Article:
Sunday, January 11, 2015

HamGadgets - Ultra PicoKeyer KIT - Build Result

Back in 2006 I assembled my first CW keyer kit. It was the PicoKeyer from N0XAS. Eham still stores my enthusiastic review. Back in the day (July 10, 2006) I wrote:

"Got home after work to find out the kit on my mailbox. Everything was neatly packed and nothing was missing.
Delivery was also fast! The kit made it all the way across the Atlantic in just a few days.
Anyway, I sat down, fired my soldering iron and about 20 minutes latter I heard my kit say "73".
After that I dug up my paddles and started playing with it. It works just great!
So, if you're looking for a keyer kit that offers a great price/quality relation... you just found it!"

It's now 2015 and, gladly, N0XAS kit's are still around. The original PicoKeyer has evolved and it's now part of the history of a placed called Hamgadgets.
The original PicoKeyer has served me well but in some aspects it was a bit lacking. As I was browsing Hamgadgets I came across PicoKeyers's lastest incarnation, the Ultra PicoKeyer kit.
This post contains some photos of this kit and it's assembly. After the pictures you can also find a bried review. So, here are the photos:

The kit as received. Components and PCB on one plastic bag. Plastic box separated. Both items were properly padded withing the box (on this picture I had already removed the padding material).

Kit parts, sorted out for assembly:

The kit already assembled:

And now, some comparison photos, side by side with the original PicoKeyer:

An there you have it, The finished kit:

So, my initial impressions of this kit:

  • It's a beginners kit. All the parts are very easy to solder so you should have no problem assembling it. Just follow the excellent building instructions (available online).
  • The assembly takes about 20 to 30 minutes.
  • A CR2032 battery is also included with the  kit.
  • Kit parts are all of good quality, including the battery (mine was a Panasonic).
  • The PCB's quality is very good.
  • The box, although made with plastic, is well designed and fits the kit very well.
  • The controls are well layed out, Connections on the back. Setup on the front.
  • Relation between quality and price is good but not excelent (kis costs 29 USD + Shipping)

For a CW paddle setup, if you are right handed, it is customary to set up the dit for your thumb and the dah for your index finger (dit left paddle, dah right paddle).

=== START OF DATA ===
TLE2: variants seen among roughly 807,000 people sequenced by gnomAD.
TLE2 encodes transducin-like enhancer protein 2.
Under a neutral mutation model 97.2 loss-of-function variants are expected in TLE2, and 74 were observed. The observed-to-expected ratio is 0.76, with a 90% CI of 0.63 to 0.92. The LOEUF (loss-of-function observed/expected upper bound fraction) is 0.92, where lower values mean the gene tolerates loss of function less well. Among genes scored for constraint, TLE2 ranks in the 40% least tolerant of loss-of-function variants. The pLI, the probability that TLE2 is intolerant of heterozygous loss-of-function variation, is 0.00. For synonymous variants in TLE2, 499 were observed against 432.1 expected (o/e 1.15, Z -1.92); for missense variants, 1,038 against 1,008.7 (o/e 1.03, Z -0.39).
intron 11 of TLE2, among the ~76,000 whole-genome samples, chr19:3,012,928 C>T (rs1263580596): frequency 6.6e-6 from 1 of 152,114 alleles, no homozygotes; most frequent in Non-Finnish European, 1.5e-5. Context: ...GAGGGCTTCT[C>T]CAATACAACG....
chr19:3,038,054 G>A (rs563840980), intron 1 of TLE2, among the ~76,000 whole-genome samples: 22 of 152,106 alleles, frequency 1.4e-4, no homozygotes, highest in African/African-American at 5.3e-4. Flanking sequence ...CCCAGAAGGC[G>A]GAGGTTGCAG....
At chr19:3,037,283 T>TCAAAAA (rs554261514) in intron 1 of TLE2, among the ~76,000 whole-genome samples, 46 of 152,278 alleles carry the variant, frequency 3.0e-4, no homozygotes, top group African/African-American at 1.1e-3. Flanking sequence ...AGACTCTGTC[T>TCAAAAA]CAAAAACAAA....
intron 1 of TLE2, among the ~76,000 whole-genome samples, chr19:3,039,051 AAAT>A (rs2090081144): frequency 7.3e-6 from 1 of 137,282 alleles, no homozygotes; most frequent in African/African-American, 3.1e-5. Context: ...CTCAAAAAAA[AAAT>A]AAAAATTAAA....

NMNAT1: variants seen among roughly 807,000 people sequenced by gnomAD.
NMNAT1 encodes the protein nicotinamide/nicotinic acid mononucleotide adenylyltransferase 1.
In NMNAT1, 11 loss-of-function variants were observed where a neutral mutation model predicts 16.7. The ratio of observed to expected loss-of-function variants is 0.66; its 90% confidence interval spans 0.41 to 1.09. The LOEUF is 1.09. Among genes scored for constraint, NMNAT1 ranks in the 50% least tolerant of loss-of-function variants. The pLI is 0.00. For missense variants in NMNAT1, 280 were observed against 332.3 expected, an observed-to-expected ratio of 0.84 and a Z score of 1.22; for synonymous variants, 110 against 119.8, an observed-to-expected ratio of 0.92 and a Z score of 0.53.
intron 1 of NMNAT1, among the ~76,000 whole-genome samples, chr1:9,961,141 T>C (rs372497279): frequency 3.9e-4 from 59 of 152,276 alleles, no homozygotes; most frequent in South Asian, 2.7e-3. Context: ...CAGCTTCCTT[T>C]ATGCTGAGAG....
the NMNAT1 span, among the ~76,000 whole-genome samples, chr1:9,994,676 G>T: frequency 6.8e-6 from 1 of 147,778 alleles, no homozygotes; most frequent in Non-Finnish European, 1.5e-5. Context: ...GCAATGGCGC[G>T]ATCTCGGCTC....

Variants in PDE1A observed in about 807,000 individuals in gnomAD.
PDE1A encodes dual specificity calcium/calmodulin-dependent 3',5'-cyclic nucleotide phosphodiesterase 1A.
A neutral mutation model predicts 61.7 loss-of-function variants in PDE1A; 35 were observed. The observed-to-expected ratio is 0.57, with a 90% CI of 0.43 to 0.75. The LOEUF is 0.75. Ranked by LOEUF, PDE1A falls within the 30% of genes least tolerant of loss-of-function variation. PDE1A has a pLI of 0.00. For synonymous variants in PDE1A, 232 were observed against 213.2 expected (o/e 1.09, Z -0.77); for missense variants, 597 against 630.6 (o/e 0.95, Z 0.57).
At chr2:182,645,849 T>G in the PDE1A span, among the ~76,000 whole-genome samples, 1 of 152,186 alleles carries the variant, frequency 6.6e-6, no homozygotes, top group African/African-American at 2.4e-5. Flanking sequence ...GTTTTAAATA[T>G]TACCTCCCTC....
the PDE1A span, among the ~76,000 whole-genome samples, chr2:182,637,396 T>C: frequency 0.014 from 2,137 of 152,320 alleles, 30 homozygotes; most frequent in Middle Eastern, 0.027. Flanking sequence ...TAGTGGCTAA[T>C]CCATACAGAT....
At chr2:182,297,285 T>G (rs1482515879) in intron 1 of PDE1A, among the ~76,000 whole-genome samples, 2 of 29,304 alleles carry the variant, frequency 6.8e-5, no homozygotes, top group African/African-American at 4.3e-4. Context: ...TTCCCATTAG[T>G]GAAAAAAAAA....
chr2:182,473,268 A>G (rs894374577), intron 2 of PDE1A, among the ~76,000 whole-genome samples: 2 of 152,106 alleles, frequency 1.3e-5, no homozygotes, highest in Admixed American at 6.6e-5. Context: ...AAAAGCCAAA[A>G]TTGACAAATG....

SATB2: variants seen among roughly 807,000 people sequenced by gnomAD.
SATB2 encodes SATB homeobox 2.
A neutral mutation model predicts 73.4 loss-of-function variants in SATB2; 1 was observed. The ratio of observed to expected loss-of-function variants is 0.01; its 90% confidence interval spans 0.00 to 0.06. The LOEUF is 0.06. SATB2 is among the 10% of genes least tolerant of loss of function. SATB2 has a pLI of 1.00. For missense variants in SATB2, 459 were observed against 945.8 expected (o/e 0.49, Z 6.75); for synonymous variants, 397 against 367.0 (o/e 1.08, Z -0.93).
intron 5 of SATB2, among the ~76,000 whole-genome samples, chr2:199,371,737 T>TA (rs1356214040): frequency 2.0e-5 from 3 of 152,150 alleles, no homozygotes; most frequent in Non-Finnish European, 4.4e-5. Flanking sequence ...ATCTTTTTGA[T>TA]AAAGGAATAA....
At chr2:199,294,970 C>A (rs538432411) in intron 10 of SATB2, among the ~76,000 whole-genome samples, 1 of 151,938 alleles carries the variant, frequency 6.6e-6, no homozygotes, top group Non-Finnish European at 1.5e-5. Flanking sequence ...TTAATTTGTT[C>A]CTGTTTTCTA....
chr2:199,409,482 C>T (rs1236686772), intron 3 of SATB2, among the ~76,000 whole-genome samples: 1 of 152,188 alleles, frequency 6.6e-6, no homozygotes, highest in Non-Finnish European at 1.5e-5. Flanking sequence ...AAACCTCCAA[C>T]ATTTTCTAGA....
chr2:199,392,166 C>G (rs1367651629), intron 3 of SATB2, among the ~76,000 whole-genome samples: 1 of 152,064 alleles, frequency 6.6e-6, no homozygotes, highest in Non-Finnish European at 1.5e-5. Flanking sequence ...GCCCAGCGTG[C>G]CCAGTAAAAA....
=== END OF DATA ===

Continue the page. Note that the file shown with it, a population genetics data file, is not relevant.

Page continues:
If I have to mention a less positive point about this kit (at least my kit) it would be the fact that, by default, the dih is on the right paddle and the dah is on the left paddle. This is the opposite of the original Picokeyer.
Of course, the keyer is configurable and you can change this via the menus, so it's not a major problem as it does not require any cable/paddle rewiring.
In any case I will contact N0XAS about this and if any further information is provided I will place it here.
On and all, a very pleasant experience and the pleasure of having a all finished kit with a box inclued (this is where many kits fall short; many do not include a box).
Until then,


Update 12/01/2015
After a couple of hours using the kit here are two missing features that I find missing:

  • External, or at least internal, volume control for the headphones. The kit ships with 3 capacitors and you must choose the one that better fits your headphones. By doing this you will be favoring one headphones setup. This may be OK if you have or work only with one pair of headphones. I use two, one for shack use and one for portable use. They are different and the same setup does not work well for both.
  • External, or at least internal, volume control for the internal speaker.

Sunday, December 14, 2014

SMD Soldering - SMD 101 - Practice Board

Back in the late 80s, early 90s, electronic components were mostly through whole. As time went by SMD (Surface Monted Devices) took over and today more and more SMD kits are available.
Prior to today I had almost zero experience soldering SMD devices. A while back I watched a video on YouTube that encouraged me to try SMD. Rightfully, the video states that you need some adequate tools for SMD "home" soldering. Here's what I used on my first try:
  1. A good quality, temperature controlled, soldering iron. I use the Hako 936 station with the Hako 907 iron. This product is now discontinued but I have been using it for a while and I really like it.